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Flashback Friday: Gauntlet Legends (N64)

Flashback Friday: Gauntlet Legends (N64)

Posted by Sherrie on 22nd Feb 2014

Gauntlet Legends Cover Buy Now

Gauntlet Legends is one of those rarest of the rare games: a co-op game where you actually work together. Of course, there are many games that you can play with your friends, but most of them, whether it be Soul Calibur, Halo, or Mario Party, have you competing against them. Recent entries like the latest Super Mario games for the Wii U have expanded true co-op options, but back in the day if you wanted to play a game with someone and not have to face off against them to do it, pretty much your only choices were Baldur's Gate and Gauntlet.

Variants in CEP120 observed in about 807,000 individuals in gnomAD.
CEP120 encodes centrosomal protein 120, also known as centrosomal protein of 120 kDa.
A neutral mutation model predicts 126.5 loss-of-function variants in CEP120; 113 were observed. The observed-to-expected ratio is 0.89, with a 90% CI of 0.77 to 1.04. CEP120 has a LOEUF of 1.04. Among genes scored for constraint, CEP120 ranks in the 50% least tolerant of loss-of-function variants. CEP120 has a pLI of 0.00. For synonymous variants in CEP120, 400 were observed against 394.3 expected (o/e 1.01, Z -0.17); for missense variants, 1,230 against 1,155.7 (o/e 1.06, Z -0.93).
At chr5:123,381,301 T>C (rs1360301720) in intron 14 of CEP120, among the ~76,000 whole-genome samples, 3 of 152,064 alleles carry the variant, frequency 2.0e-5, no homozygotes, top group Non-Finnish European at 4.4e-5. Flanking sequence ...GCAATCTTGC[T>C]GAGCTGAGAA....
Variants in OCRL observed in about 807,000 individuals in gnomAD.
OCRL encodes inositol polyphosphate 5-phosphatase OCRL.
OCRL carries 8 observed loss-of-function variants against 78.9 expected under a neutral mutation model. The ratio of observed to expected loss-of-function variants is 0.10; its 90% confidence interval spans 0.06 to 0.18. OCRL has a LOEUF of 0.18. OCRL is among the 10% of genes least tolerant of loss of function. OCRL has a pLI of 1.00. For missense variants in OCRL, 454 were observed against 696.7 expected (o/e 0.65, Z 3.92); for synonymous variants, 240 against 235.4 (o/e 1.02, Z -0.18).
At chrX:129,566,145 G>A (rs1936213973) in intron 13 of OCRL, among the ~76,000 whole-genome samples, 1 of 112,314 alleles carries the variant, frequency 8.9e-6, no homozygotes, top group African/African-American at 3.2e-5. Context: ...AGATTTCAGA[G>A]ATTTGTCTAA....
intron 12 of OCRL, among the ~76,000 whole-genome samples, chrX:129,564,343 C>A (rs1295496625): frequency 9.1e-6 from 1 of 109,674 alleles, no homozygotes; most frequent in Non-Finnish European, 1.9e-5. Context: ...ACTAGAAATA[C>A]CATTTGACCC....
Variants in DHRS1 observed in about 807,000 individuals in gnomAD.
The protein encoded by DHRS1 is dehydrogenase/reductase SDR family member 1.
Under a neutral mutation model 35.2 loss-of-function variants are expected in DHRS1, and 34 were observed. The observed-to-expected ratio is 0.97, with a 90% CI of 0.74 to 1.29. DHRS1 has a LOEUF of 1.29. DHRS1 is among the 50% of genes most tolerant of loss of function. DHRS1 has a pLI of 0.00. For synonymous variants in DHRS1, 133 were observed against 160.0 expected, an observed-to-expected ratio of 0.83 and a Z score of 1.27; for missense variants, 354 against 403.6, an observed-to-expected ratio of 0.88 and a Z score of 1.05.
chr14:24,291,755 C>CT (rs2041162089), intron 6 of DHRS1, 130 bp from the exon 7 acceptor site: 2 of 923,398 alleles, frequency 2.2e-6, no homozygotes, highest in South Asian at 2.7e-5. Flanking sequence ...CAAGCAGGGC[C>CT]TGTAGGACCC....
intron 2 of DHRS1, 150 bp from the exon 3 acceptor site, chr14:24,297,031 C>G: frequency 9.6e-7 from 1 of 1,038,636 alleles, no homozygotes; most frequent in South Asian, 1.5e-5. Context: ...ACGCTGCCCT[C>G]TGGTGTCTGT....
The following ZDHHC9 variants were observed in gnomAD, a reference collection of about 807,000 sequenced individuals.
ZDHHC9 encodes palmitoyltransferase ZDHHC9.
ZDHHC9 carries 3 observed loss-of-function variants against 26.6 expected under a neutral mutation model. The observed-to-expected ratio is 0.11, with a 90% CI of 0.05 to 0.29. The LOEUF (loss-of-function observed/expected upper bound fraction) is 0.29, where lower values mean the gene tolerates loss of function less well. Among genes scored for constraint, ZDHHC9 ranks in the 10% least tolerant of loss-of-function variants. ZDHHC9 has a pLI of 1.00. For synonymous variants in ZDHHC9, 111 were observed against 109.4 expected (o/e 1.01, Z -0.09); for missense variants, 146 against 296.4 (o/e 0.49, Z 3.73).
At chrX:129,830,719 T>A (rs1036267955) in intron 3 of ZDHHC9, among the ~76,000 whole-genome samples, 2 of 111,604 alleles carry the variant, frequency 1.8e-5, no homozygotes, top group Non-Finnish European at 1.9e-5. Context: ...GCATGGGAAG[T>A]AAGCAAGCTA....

Gauntlet Legends had a lot of different iterations of the game available, as it was released as an arcade cabinet (back when arcades still existed!), a PSOne title, a Dreamcast title, and an N64 cartridge. The reason I chose this particular game for my Flashback Friday is simple: I played every single version of this game together with my dad when I was a little girl. As my dad tended to like shooters and horror games, especially Resident Evil, and I was more into RPGs, it was difficult for us to find something we could play together. I hated playing shooters, and while my dad played Soul Calibur and many other fighting games with me, they weren't really his thing either. Plus, it was hard to enjoy a game together which made the other person lose. Gauntlet Legends was a godsend; a fun, co-op dungeon crawler that we didn't have to compete with each other to progress in. There's only four characters to choose from: a blue valkyrie, a red warrior, a green archer, and a yellow sorcerer, and the game is just a simple hack-and-slash. However, you could also choose to level up certain statistics of your character as you progressed through the game, which I believe was a first for the Gauntlet series. The Dreamcast version was the absolute best port of the game, with the best graphics, but the N64 version was a close second as it ran very smoothly on the cartridge-based platform; unfortunately the PlayStation port was rather glitchy, and not as pretty as the Dreamcast port, making it the worst of the three (although the PlayStation controller made it easy to play). I have such fond memories of playing this game with my dad, and despite its age, I recommend it to anyone who wants to just spend some quality gaming time with a friend or loved one.